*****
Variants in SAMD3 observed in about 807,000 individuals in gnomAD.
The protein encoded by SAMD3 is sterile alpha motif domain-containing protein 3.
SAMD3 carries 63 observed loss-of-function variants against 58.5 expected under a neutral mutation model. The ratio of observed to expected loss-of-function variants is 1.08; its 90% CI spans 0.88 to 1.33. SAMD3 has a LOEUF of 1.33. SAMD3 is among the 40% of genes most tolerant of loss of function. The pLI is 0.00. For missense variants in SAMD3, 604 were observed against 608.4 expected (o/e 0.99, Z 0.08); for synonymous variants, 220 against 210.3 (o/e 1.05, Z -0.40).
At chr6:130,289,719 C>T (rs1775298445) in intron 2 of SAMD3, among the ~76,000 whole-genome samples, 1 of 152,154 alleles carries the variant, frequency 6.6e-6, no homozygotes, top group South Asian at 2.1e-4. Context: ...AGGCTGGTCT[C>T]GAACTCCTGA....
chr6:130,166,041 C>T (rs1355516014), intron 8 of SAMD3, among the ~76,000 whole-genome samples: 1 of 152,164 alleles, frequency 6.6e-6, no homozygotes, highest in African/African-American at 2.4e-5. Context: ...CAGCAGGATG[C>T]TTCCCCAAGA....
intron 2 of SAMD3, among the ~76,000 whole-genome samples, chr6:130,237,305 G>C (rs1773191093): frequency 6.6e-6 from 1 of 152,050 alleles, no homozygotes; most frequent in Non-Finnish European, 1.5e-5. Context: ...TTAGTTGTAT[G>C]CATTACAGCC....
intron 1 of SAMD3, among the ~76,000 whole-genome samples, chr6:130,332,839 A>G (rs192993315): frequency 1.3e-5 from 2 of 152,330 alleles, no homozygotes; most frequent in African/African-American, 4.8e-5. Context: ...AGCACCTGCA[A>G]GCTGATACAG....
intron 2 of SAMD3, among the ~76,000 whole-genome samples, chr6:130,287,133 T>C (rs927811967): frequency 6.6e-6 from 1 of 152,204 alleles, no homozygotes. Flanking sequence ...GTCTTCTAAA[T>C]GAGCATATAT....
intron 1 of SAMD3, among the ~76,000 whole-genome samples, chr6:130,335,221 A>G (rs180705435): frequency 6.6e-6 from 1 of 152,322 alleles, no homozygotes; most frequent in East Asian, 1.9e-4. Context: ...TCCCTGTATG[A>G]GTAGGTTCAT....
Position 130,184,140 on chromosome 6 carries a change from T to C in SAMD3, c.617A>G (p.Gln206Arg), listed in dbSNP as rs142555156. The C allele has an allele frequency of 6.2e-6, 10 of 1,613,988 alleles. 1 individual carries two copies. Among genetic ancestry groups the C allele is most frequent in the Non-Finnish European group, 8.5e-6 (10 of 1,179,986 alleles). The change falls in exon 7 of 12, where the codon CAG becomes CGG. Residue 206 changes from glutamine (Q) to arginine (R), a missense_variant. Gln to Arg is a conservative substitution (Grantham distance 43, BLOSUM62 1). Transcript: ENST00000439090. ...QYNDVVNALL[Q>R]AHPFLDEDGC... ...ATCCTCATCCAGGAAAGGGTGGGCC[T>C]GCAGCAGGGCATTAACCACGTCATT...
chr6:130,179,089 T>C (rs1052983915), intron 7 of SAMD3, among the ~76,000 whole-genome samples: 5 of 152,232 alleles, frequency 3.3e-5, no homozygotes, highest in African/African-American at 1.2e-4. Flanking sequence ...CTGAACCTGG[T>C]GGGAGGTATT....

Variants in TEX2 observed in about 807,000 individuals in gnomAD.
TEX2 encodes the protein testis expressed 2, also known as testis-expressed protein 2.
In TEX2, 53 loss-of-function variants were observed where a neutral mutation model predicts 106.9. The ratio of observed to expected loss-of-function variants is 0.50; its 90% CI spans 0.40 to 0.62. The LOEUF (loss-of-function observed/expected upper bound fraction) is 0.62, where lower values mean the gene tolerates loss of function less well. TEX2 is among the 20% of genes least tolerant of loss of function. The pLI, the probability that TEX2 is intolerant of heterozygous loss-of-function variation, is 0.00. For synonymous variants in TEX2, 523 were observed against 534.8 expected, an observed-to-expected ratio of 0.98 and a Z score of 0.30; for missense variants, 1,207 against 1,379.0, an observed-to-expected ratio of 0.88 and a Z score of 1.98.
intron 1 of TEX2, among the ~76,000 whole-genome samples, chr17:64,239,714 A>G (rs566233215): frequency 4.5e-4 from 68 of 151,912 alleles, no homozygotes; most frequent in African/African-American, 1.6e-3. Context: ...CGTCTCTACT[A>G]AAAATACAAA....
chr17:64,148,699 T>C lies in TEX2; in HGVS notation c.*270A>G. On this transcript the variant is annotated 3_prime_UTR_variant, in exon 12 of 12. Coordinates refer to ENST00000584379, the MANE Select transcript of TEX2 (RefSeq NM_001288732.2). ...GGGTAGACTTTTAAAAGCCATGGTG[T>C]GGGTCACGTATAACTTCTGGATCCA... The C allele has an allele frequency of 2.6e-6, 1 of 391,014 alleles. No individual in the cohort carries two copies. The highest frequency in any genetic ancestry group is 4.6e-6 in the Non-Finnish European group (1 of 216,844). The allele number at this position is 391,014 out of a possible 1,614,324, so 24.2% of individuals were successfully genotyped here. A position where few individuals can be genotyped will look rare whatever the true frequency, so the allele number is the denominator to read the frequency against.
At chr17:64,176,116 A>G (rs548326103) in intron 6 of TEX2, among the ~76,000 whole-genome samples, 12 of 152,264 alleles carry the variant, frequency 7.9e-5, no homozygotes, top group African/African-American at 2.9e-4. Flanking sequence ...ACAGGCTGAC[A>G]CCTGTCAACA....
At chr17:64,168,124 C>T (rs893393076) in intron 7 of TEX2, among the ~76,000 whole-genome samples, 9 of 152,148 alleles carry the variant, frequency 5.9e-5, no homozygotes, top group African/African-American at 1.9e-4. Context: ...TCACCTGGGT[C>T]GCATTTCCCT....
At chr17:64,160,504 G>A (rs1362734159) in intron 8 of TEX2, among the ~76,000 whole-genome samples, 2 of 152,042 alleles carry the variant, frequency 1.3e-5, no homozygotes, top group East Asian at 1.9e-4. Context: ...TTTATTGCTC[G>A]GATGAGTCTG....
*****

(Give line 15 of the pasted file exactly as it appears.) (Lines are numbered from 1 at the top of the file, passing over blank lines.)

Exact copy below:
intron 1 of TEX2, among the ~76,000 whole-genome samples, chr17:64,239,714 A>G (rs566233215): frequency 4.5e-4 from 68 of 151,912 alleles, no homozygotes; most frequent in African/African-American, 1.6e-3. Context: ...CGTCTCTACT[A>G]AAAATACAAA....